First we must offer teachers the chance to go home like the rest of us and switch off. Second, the bulk of lesson planning needs to shift out of term time, even if teachers are on-site over school holidays. That is when the pupil-free days should occur.
Third, I want principals to change culture tomorrow and be given a slice of the Gonski resources to fund the extra hours that definitively improve student outcomes.
Fourth, we need an explicit focus on the children that do not gain a year of learning in a calendar year, and not dump the responsibility solely on classroom teachers who are forced to pass the parcel.
Finally, states and territories must replace annual incremental pay rises with a genuine teacher-designed merit-based model rewarding sub-specialisation and further education.
The evidence is unequivocal: job-related anxiety is a growing health crisis with repercussions for your mental and physical well-being.
People need to choose their employer not just for salary and promotion opportunities but on the basis of whether the job will be good for their psychological and physical health. Business leaders should measure the health of their workforce, not just profits.
If the next set of FTC commissioners truly are serious about making Facebook serve the interests of the American public, here is a set of actions they should begin to take on day one. Every one of these action has a strong foundation in US law and practice:
1) Impose strict privacy rules on Facebook, perhaps using Europe’s new General Data Protection Regulation as a guide.
2) Spin off Facebook’s ad network. This will eliminate, in one swoop, most of the incentive that Facebook now has to amass data and to interfere and discriminate in the provision of information and news.
3) Reverse the approvals for Facebook purchases of WhatsApp and Instagram, and re-establish these as competing social networks.
4) Prohibit all future acquisitions by Facebook for at least five years.
5) Establish a system to ensure the transparency of all political communications on Facebook, similar to other major communication networks in the United States.
6) Require Facebook to adopt open and transparent standards, similar to conditions the FTC imposed on AOL Messenger in the AOL-Time Warner merger settlement in 2001.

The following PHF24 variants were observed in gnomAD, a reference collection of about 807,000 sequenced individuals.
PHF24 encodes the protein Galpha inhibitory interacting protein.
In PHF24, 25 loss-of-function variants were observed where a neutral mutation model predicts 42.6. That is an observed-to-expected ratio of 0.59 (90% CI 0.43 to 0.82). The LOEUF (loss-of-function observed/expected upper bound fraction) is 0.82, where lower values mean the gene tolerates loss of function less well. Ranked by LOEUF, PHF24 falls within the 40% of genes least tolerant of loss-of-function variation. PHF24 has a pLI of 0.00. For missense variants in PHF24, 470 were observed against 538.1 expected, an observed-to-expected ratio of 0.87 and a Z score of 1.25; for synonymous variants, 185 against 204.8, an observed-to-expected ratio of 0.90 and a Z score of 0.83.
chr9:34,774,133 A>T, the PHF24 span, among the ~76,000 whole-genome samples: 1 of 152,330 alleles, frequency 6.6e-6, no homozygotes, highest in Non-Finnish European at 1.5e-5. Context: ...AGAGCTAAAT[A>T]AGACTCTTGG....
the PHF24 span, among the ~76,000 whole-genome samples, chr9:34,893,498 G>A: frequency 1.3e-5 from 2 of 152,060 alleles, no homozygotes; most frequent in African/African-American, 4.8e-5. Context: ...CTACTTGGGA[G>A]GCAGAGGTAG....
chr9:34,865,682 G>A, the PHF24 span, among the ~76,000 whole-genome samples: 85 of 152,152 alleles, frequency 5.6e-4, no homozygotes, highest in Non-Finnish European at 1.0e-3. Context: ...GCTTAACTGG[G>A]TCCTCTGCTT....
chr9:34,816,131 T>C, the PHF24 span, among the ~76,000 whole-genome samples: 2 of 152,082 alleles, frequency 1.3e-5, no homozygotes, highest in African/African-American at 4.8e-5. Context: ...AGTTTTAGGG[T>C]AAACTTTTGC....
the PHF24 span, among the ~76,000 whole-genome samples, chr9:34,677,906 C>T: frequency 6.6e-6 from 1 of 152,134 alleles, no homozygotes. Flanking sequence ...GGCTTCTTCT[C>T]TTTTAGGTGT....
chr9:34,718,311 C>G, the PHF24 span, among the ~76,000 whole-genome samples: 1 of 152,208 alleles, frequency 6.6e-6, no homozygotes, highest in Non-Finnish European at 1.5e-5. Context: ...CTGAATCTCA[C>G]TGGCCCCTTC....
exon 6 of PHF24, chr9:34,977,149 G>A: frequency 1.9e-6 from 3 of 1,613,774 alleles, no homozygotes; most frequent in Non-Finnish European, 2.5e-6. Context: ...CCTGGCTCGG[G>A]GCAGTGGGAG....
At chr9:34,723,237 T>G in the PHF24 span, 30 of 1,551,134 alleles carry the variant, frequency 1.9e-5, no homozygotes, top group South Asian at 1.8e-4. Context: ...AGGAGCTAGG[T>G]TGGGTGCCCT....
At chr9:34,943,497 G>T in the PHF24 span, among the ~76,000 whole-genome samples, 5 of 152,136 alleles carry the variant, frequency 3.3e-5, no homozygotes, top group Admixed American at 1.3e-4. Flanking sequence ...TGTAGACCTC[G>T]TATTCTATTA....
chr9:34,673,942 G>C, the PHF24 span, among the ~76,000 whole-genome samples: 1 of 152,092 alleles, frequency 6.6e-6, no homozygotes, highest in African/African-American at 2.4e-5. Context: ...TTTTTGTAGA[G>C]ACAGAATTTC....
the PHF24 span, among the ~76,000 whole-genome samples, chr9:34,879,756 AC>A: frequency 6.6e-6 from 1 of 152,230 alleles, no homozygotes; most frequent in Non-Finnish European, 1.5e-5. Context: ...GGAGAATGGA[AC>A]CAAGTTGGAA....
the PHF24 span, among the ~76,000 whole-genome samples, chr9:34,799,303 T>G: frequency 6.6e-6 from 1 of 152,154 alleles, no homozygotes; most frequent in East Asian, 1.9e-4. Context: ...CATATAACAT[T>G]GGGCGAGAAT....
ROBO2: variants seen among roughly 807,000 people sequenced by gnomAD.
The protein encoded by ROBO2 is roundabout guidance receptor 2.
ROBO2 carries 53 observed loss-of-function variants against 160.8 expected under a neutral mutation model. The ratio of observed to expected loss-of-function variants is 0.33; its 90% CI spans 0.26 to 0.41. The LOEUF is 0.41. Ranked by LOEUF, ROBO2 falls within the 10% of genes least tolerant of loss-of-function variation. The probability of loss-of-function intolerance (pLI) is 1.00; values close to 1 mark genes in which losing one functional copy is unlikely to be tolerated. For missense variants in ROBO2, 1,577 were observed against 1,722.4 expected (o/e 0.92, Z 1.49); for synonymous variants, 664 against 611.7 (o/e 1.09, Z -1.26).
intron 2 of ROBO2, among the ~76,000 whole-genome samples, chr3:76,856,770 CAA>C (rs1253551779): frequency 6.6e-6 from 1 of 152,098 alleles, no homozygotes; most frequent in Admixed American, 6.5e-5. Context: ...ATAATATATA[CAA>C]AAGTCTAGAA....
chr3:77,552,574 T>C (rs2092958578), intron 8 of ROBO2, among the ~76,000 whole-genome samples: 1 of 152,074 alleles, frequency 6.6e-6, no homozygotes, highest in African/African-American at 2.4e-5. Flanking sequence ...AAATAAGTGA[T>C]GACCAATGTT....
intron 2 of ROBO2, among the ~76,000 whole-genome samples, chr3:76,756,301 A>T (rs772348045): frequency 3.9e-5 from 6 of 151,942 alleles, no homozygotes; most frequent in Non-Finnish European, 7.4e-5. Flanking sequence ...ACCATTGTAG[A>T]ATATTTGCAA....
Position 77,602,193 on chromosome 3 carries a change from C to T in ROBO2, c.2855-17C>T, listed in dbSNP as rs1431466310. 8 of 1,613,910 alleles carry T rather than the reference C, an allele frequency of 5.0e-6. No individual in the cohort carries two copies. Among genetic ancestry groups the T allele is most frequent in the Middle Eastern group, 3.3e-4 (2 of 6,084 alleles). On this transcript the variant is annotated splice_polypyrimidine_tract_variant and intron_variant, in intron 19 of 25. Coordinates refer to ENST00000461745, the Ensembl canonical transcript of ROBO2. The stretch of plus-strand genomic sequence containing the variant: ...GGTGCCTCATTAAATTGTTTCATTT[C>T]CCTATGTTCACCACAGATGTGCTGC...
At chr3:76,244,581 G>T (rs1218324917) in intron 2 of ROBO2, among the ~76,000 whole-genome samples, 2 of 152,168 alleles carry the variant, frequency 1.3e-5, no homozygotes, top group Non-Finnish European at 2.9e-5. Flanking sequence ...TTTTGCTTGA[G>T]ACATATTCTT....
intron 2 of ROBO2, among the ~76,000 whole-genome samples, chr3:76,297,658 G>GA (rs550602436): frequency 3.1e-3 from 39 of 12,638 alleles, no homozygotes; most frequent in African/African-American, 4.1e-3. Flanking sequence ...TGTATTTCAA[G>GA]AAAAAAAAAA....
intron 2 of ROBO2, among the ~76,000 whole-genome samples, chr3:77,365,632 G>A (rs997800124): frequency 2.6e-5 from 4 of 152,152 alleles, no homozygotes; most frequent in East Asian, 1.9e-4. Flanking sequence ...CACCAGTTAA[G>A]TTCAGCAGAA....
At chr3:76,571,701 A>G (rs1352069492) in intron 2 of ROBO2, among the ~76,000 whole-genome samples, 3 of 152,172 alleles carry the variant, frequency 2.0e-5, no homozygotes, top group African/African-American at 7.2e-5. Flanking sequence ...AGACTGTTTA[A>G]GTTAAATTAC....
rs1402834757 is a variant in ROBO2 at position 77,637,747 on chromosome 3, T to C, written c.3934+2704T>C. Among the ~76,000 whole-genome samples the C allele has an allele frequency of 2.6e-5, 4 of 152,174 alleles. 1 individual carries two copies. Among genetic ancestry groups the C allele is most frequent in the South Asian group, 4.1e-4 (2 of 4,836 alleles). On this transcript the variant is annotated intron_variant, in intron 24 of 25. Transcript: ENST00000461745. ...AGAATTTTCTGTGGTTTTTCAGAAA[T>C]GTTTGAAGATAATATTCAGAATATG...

7) Establish whether Facebook violated the 2011 consent decree and, if so, seek court sanctions.
8) Threaten to bring further legal action against Facebook unless top executives immediately agree to work with the FTC to restructure their corporation to ensure the safety and stability of our government and economy.
9) Establish whether top executives enabled, encouraged, or oversaw violations of the 2011 consent decree and, if so, pursue personal fines against them.
At my institution, the University of the Arts London, we see the value in uncertainty. In many of our courses it is important that our students are in a liminal state for much of the time within which they are not quite sure of what they know. This is a key aspect of the process of creativity and it’s also central to my reframing, or extension of, information literacy. Questioning our self, our motivations and methods, for seeking and validating information is our only chance of maintaining our agency within complexity. Not being afraid of being immersed in complexity requires understanding the value of uncertainty. This is all the more important where we receive information as an effect of our interactions. To ask how what we engage with has arrived in front of us and why we are comfortable with it (in the context of our identity and position) has to be central to what it means to critically evaluate.
To maintain the agency of our students (and ourselves) and not fall into the trap of assuming a ‘natural order’ which just so happens to be our current worldview we must reveal, not simplify, complexity. In tandem with this we must provide the critical tools to navigate complexity without denying it.
The WOW, WONDER, SO WHAT?, WHAT NOW? structure is a bit more fleshed out and includes that very important piece about identifying relevance, so I hope it is useful to some of you in your work with learners of all ages.
A collection of resources associated with deleting, regulating and/or leaving Facebook
Facebook provides me with the ability to opt out of advertising from those companies, just by clicking a cross in the corner. All I need to do is devote some time to clicking a small button 174 times in a row and I am free from those companies – at least until the next 174 decide to upload my information.
What I cannot do is anything with real power. I cannot tell Facebook that the vast majority of these companies cannot possibly have acquired my email address legitimately; I cannot opt out of them all at once, defenestrating advertisers in their masses with a single click; and I certainly cannot request that no company be able to target me simply by uploading an easily guessable address to the site.